“Paddle, paddle, paddle!”
Rod shouted behind me and shoved me forward on my board. Paddle I did, while thinking about trying to balance, pop (stand) up, and then place my feet in a proper stance, all while looking up and forward. Not easy. Then I felt the wave beneath me, lifting me, nudging me, encouraging me. So I popped up, swiftly moved forward riding my first wave in freshwater, and then, balance lost and too much to think about, I fell. Arms up around my head to protect myself, water crashing around me, breath held, board somewhere behind me. Once I safely find it I go back for more.
This story has been two years in its making—these photographs, my own surfing attempts. It began with a nudge from a good friend, a tremendously talented local artist for whom I hold much respect, Eric Daigh. He walked into my studio, looked at me, and without words, I knew his keen sense of perception had figured me out. He knew I had hit my wall, that I was questioning everything about my career and my path as a photographer. He told me I was lucky because not everyone is blessed, as we are, to be artists. Not everyone can work through their questioning via an art form. He told me I needed to pick up my camera and go shoot something for myself as if I would never make a dime off the images.
It’s scary for me to type the above words and tell an open audience, versus a handful of family and friends, how bad it had become. I had gone on autopilot with my career, able to do my job well, but no personal growth was occurring. I’ve said for years that if you ever stop growing you should get out of the business. Those words recently had been ringing loudly in my ears.
I share with you my struggle because I feel I am not alone. I believe most of us come to a point in our careers when we wake up one day and begin to question everything. Typically we don’t make our questioning public knowledge; we don’t talk about it much, if at all.
We ingest our questioning, or whisper it quietly to those we trust, because we fear if clients found out it could be detrimental. To me ingesting is legitimate, whispering acceptable, but neither route is one to take lightly or be ignored.
My roots are Northern Michigan ones. The more the years pass, the more I feel those roots beneath me. I find inspiration in the color palette and light that falls throughout the changing seasons, in the open landscapes, and in the freshwater that is so abundant. I feel most secure, most confident, and most alive when smack in the middle of a vast, natural landscape or on a body of freshwater. If I venture away, no matter the distance, these roots are with me, grounding me from afar.
Fascinated that one could surf, windsurf, stand-up paddle or kite board on a body of freshwater, and possessed with a determination to pick up my camera solely for me, I began to investigate the growing community of these outdoor adventurers gathering on the shoreline of Lake Michigan from Frankfort to Leland on windy days.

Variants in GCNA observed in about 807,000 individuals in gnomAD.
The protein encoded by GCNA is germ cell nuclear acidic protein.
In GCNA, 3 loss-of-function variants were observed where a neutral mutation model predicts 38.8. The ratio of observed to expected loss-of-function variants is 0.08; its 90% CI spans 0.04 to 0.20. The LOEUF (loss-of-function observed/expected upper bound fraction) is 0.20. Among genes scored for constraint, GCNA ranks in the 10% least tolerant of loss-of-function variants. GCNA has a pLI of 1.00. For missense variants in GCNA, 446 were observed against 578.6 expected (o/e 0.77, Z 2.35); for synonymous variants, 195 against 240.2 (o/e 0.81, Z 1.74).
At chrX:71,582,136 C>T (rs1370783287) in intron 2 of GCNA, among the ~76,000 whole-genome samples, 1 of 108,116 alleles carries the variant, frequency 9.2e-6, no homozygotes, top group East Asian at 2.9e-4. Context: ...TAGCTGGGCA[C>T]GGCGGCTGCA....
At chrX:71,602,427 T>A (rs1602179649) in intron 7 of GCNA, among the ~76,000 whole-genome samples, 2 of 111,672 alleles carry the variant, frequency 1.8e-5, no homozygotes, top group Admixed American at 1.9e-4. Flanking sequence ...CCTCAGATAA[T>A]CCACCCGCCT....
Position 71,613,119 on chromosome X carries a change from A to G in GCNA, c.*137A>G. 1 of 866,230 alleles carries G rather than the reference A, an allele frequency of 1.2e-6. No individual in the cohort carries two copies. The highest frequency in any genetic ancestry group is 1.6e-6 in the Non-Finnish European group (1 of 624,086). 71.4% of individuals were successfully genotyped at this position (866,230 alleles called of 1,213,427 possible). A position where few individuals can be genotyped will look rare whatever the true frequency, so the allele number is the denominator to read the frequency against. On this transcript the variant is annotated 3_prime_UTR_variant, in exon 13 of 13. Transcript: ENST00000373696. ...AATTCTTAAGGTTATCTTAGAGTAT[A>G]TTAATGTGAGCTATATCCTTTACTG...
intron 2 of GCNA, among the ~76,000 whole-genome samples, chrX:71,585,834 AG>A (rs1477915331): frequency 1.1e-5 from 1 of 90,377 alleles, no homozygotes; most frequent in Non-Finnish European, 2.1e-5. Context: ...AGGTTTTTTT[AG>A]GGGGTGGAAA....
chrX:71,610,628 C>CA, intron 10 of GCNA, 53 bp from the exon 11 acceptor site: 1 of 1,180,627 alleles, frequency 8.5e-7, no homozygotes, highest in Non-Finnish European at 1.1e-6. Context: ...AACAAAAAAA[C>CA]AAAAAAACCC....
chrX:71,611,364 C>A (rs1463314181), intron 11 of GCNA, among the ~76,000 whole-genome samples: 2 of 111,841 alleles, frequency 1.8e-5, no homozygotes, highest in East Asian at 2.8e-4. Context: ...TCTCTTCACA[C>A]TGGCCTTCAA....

Ironically, a strong wind gusts outside my studio as I type this. I’ve learned to pay attention to wind and the storm that often accompanies it. Strong winds and storms in Northern Michigan mean waves on Lake Michigan near my home. On windy days I watch the trees blow, noting the direction they bend. I check a weather website and texts from friends who may be headed out or are already at the shore. Finally, (and probably the most responsible thing I do) I check my schedule and determine if I am able to carve out time when the conditions are right. If all of the above aligns, I pack up my car and make the drive to Lake Michigan.
I need to mention here my great fortune to have been accepted into this community over the past several months. You won’t find acceptance as an outsider in every surfing community. Maybe it’s the freshwater, but I also hope it’s that my honest intentions and purpose of being out there are being felt. My word count in this story would soar if I listed everyone I’ve met along the way, told you of their kindness and dependability, narrated the stories they’ve shared, and described their remarkable personalities and the way they approach the waves they ride. Along the way I’ve found I have a great admiration for these people and their hardcore passion for adventure on windy days despite conditions like sub-freezing temperatures and high-wind advisories. In a sense the experience is indescribable, as I am in awe every time I witness people in the surf. I’m lucky my camera was with me, as the images help convey my awe where words leave off.
In my digging deeper and picking up my camera for myself, I’ve found the journey to be the best part, no matter how difficult it ended up at times; the reward is a new understanding. I feel wiser and more confident as a photographer, and I have felt my imagery grow in aesthetics and content. I feel incredibly fortunate and am more aware of my purpose and surroundings. To be able to share this growth with my clients and the world around me is humbling, as I feel it is appreciated.
Paddle, paddle, paddle, pop up, strong stance, looking forward.
Sleeping Bear Surf & Kayak
10228 W. Front St., Empire, 231.326.WAVE
Beach Nut Surf Shop
1100 Main St., Frankfort, 231.941.5322
Wet Mitten Surf Shop
101 N. Park (E. Front St. entrance) Traverse City, 231.929.3388
540 W 7th St., Traverse City, 231.357.5107
This article and additional photos are also available in the November issue of Traverse Magazine. Subscribe now!